iPhone 5 Preview – Shiny Mess, Not Much of an Upgrade (Video)
The iPhone 5 has one attribute that I’ll confirm right away: it glitters beautifully in bright sunlight… and that’s kind of it. It may feel light in the hand, it’s very thin and looks pretty, but that’s where the novelty stops. It’s an upgrade from the iPhone 4S, it’s longer with around 1 cm and we have more details from our detailed preview below.
We’ll be back with a full review later on, but these are the first impressions after spending an entire weekend with the device. First of all, it totally impresses on the audio side, at least through the EarPods. They fit perfectly in the ear and sound fantastic, both in volume and bass. The clarity is at its peak and the headphones somehow manage to deliver deafening sound without deafening you. The bad thing is that the speakers are actually pretty disappointing. The tunes sounds a bit… off and the back of the phone vibrates when the volume hits the peak.
As far as Siri is concerned, the update may bring stuff like being able to type on Facebook or Twitter via voice, but Google Now is still a superior service. So, you want to know what Siri can do? It provides movie reviews, posts to Twitter, Facebook, opens the camera app and gives you detailed sports information. Passbook is a new feature from iOS 6.0, that gathers your passes, vouchers, documents and other minor documents and pieces of paper/tickets in digital format you have laying around.
As far as Apple Maps go, in the area where I tested it there was a black/white stripe, actually a pretty long one, that seems like uncharted land. If you select the 3D mode you’ll see that some buildings in my area are wavy for some reason. I have to admit that the turn by turn features of the app area pretty cool and the Flyover feature looks fantastic, at least in London. However, the lack of a decent transit option for the maps and lack of POIs and entire settlements makes the app feel unfinished and rushed.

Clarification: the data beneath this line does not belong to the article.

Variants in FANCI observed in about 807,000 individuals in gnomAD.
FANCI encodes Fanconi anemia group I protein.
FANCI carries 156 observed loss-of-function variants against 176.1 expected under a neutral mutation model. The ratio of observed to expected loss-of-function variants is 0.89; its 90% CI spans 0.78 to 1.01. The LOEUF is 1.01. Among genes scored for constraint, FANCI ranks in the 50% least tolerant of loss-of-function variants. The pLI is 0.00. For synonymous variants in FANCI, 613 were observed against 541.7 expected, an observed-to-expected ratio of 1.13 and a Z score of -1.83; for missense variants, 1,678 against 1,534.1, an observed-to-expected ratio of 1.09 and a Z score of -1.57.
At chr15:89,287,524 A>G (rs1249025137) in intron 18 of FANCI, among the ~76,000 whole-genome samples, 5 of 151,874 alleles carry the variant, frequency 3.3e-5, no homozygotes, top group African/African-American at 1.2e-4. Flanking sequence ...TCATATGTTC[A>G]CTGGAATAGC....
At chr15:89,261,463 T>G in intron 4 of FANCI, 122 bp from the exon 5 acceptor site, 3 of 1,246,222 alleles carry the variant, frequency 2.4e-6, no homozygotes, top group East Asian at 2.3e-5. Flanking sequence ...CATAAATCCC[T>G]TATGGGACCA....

The iPhone 5 is 20% lighter than the iPhone 4S, weighing 112 grams and it also provides a 16:9 aspect ratio on the 1136 x 640 pixel display. The screen is crisp, very bright, has good viewing angles and that’s all we could find in the first days of contact. The handset measures 7.6 mm in thickness and may even feel flimsy at times, since it’s so thin, compact and light. The aluminum back offers a decent grip and you won’t drop the phone… too often.
The 1440 mAh battery is actually a pleasant surprise, since I did a lot of YouTube video watching, some game playing and browsing and I was only able to deplete around 70% of the battery in a day of casual use. There’s no trace of lag whatsoever and my first contact with the camera came with a pleasant surprise: it handles lowlight and indoor situations well. Taking a picture at night indoors results in some nice shots, with vivid colors and decent brightness. That’s all we have for now, this is the preview we have for the handset priced starting at $199 on contract in USA.
We even compared the Apple Maps solution with Google Maps on the Xperia Tablet S and as you can see the graphics are more detailed, buildings (and not only) have all the details around them clearly drawn on Google Maps while Apple Maps has some trouble with rendering such areas or showing the center of a small town. We’ll be back with a full review ASAP. And no, our unit didn’t have scuff problems and upper backlight bleeding issues.